Last point: to check the shape of a centerboard is relatively easy, by creating some templates reproducing the shape (with tolerances) at , say, 3 different sections: these template could even be made of strong paper and could be easily inserted on the centerboard. Has someone idea of where to find the theoretical shape of a Laser centerboard to generate these template?
    Do not worry: I keep my original centerboard like it is, but I am now curious to see how close it is from the theoretical shape!

  9. There is an easier solution to your problem, at national events the official Laser foil molds come out. If it slides in it is legit, altered I guess you have a real problem. Think of it as TSA for sailing. Three large regattas and the "special" equipment dries up.

  10. There's a clearly defined process in your class rules for dealing with measurement problems: Part two Rule 2, So a measurer is allowed to check a selection of boards any way they like, and some templates seems the obvious option. Similarly we all have a duty in the fundamental rule to help enforce rules by protesting if necessary.

    The stuff about hiking less sounds extremely unlikely. Hard to think of a way a better board profile can do anything other than decrease drag.

    And finally, if someone protests and there's no problem then the protestor has done everyone else in the fleet a favour by eliminating this possible cause of uncertainty about their boats. And if it does reveal a problem then they've done everyone else other than the cheaters a favour by finding it out, and in the long term everyone in the fleet a favour by eliminating the hassle of getting boards reshaped. So there's no actual harm done by protesting other than to those who deserve it...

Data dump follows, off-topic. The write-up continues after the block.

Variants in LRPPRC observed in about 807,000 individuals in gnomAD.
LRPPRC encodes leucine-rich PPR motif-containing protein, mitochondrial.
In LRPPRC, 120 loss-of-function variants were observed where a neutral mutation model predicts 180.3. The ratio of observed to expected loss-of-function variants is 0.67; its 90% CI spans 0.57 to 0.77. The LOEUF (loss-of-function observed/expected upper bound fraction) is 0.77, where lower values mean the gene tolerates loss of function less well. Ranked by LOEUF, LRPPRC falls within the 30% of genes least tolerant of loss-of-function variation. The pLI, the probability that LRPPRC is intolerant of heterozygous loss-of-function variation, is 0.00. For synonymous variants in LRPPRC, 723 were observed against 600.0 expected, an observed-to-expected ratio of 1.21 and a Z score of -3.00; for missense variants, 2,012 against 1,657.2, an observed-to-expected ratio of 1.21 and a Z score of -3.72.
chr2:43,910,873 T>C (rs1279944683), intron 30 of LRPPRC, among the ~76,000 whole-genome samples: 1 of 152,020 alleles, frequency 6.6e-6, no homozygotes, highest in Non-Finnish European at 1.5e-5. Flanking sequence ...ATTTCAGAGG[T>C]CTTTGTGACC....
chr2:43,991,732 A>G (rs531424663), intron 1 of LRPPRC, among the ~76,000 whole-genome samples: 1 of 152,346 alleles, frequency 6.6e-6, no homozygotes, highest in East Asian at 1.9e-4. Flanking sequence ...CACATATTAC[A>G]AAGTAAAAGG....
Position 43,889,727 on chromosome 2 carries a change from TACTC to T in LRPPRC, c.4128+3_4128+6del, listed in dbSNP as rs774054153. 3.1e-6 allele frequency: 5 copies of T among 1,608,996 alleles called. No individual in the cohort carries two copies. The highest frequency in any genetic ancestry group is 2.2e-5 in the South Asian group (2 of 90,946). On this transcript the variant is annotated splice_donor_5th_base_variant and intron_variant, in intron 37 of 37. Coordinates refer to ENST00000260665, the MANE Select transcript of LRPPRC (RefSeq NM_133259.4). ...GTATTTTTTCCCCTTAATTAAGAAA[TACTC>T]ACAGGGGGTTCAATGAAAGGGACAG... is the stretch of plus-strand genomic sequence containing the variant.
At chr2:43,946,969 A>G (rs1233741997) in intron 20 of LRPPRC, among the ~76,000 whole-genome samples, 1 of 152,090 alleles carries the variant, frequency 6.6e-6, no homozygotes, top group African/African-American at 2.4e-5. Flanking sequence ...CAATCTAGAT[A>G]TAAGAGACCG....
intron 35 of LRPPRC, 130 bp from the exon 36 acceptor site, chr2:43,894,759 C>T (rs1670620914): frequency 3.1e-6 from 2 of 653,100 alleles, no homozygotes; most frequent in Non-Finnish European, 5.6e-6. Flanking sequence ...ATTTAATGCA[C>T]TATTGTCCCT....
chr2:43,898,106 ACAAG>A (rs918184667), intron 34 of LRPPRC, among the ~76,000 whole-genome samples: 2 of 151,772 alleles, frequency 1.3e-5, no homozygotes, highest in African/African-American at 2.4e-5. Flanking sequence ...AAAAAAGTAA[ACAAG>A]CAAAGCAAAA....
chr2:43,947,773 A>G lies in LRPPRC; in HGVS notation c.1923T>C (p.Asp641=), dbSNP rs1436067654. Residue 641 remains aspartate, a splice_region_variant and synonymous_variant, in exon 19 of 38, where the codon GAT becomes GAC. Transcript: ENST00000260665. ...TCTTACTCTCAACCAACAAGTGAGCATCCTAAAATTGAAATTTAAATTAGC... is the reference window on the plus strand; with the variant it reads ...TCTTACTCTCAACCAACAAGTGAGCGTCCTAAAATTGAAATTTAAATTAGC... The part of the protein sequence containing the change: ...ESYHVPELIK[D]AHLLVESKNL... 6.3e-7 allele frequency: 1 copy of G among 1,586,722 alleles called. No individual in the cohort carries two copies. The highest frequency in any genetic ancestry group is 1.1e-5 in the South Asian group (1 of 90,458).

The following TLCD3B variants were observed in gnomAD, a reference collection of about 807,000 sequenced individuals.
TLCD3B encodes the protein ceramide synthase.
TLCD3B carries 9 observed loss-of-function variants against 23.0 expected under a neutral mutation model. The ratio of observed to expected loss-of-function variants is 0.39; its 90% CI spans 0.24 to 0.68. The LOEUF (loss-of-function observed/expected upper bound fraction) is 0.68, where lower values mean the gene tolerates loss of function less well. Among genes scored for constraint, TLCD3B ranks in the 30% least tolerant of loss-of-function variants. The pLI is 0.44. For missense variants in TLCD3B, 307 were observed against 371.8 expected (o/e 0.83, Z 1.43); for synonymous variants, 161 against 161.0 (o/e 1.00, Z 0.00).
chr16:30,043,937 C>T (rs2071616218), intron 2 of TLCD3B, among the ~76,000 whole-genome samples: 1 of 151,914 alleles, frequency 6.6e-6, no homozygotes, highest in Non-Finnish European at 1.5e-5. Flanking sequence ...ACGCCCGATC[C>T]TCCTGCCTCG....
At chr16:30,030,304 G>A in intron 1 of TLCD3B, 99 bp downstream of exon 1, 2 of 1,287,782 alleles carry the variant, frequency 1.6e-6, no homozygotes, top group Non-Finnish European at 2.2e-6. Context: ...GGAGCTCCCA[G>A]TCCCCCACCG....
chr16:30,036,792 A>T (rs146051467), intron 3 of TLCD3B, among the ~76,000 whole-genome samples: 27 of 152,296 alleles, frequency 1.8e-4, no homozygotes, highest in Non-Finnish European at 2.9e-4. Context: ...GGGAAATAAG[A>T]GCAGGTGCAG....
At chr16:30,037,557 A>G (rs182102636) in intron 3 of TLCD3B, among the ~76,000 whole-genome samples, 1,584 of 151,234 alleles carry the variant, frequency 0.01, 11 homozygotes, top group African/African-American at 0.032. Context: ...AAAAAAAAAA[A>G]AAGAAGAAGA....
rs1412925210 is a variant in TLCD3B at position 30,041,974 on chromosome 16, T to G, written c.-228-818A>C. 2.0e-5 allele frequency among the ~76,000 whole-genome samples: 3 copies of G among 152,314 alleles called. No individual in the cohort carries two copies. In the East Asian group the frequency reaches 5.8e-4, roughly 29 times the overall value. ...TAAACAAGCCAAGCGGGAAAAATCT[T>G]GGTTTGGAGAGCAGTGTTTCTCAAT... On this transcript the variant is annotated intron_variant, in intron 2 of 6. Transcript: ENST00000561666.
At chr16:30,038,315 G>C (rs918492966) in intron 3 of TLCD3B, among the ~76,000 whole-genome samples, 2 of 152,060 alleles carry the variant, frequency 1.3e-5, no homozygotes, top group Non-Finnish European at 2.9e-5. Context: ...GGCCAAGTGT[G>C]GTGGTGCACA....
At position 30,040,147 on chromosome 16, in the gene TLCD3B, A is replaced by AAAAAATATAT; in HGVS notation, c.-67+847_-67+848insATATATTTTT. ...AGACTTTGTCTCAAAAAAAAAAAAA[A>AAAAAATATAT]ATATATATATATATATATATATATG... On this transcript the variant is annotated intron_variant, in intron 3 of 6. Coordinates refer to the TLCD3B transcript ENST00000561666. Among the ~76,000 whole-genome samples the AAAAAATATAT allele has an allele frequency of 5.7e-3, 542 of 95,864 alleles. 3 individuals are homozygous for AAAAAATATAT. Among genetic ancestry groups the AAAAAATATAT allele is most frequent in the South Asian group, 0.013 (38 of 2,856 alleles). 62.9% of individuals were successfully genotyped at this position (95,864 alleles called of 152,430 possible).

11. A possible reason for someone bringing his own board to the Worlds would be to prevent damaging the board that comes with the charter (and being forced to pay for the damage).


  12. When I travelled to the USA from Australia for the SF master world's, I bought a set of "off the shelf" foils to take home. Why? They are better quality than the rubbish served up at home. Straighter, better finished. I don't consider this cheating...I'm not getting an advantage I'm just getting a product fit for purpose. I've had domestic foils delaminate, split in half, bubbles appear on leading and trailing edge etc etc. Not everyone who has different foils is a cheat.

    1. I'm surprised by that comment. Doug is of the opinion that the Aussie boat quality is superior to US quality. So much so that his last boat was imported from Oz. A fellow at the Halifax Worlds asked if he could measure it and and took about 15 minutes measuring every possible thing and said it was perfect and offered to buy it on the spot and take it back to France.

      That was the hull but Doug did noticed a slight manufacturing flaw with the rudder but they replaced it with no questions asked. That was about six years ago. Doug does say that the first 3000 Lasers made in Oz (back in the 70s) were extremely bad. Is your opinion of the quality based or historic or recent purchases?